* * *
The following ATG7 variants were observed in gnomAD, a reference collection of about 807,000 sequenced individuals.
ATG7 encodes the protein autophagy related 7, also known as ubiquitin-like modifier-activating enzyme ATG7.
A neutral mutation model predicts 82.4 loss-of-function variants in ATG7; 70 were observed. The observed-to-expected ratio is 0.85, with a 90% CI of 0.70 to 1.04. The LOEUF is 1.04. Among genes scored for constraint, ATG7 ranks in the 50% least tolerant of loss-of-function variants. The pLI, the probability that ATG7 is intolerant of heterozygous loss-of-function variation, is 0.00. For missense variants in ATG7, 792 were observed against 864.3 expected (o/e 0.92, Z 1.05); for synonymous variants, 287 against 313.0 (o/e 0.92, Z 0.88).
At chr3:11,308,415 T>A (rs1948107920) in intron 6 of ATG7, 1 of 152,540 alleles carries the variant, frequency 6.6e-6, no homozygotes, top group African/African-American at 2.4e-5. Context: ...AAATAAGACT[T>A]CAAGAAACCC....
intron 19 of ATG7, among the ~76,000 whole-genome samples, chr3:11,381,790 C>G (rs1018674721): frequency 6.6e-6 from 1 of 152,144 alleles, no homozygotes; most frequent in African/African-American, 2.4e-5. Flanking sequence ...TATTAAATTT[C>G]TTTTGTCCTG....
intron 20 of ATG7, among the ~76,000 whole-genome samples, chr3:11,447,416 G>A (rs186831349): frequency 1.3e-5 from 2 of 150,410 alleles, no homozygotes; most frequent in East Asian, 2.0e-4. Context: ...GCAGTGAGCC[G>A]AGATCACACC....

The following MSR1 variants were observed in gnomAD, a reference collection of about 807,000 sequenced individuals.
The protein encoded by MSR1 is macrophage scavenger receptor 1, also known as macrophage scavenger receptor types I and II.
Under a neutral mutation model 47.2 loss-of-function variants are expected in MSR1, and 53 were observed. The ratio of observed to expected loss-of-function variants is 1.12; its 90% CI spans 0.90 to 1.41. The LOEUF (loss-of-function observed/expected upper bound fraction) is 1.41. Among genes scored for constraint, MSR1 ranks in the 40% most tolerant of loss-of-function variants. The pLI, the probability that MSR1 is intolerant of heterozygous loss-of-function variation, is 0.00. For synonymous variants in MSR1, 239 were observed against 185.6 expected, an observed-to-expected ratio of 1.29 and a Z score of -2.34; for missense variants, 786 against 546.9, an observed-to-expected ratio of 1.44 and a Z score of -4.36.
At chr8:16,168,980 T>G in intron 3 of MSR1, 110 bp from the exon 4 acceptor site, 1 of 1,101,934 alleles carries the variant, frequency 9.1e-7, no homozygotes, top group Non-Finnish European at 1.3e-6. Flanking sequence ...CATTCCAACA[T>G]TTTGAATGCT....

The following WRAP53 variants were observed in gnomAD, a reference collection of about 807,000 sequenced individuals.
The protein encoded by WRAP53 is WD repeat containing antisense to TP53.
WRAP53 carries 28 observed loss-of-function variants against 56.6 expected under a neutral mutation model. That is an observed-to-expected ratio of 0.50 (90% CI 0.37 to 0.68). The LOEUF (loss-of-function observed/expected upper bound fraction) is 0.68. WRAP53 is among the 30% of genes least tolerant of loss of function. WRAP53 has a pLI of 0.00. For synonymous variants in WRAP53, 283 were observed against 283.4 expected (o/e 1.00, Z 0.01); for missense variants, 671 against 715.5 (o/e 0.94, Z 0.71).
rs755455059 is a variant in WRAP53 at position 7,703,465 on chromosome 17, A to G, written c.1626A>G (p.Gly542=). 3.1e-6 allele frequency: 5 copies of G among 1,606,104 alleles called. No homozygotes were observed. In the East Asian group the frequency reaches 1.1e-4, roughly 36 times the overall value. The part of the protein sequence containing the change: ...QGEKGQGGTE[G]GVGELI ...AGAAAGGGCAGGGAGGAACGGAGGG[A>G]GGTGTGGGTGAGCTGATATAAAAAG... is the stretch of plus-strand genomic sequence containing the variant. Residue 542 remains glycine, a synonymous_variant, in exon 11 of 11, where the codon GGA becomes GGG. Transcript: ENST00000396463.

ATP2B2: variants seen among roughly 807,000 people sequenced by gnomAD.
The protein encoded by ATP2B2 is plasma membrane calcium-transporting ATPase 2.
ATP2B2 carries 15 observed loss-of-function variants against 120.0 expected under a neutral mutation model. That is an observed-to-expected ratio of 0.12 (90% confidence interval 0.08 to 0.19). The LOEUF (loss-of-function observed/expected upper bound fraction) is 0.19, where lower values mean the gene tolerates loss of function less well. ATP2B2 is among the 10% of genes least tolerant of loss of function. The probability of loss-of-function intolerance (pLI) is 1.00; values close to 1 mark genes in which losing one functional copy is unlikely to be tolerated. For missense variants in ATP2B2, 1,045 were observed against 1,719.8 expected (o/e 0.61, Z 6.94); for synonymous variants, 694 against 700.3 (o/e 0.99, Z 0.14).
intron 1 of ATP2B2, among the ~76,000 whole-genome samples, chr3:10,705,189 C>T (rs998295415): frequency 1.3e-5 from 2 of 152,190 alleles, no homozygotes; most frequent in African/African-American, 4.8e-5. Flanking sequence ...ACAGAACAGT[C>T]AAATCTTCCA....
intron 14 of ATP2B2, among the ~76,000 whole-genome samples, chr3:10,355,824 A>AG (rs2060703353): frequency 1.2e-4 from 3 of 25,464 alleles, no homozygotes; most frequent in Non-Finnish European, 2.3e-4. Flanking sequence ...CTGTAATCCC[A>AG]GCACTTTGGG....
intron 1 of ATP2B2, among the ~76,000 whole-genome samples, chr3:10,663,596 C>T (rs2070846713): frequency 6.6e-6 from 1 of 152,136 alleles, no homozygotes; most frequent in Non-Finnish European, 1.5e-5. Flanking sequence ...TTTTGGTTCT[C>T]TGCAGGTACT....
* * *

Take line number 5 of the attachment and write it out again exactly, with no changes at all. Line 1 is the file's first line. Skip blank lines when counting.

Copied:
intron 19 of ATG7, among the ~76,000 whole-genome samples, chr3:11,381,790 C>G (rs1018674721): frequency 6.6e-6 from 1 of 152,144 alleles, no homozygotes; most frequent in African/African-American, 2.4e-5. Flanking sequence ...TATTAAATTT[C>G]TTTTGTCCTG....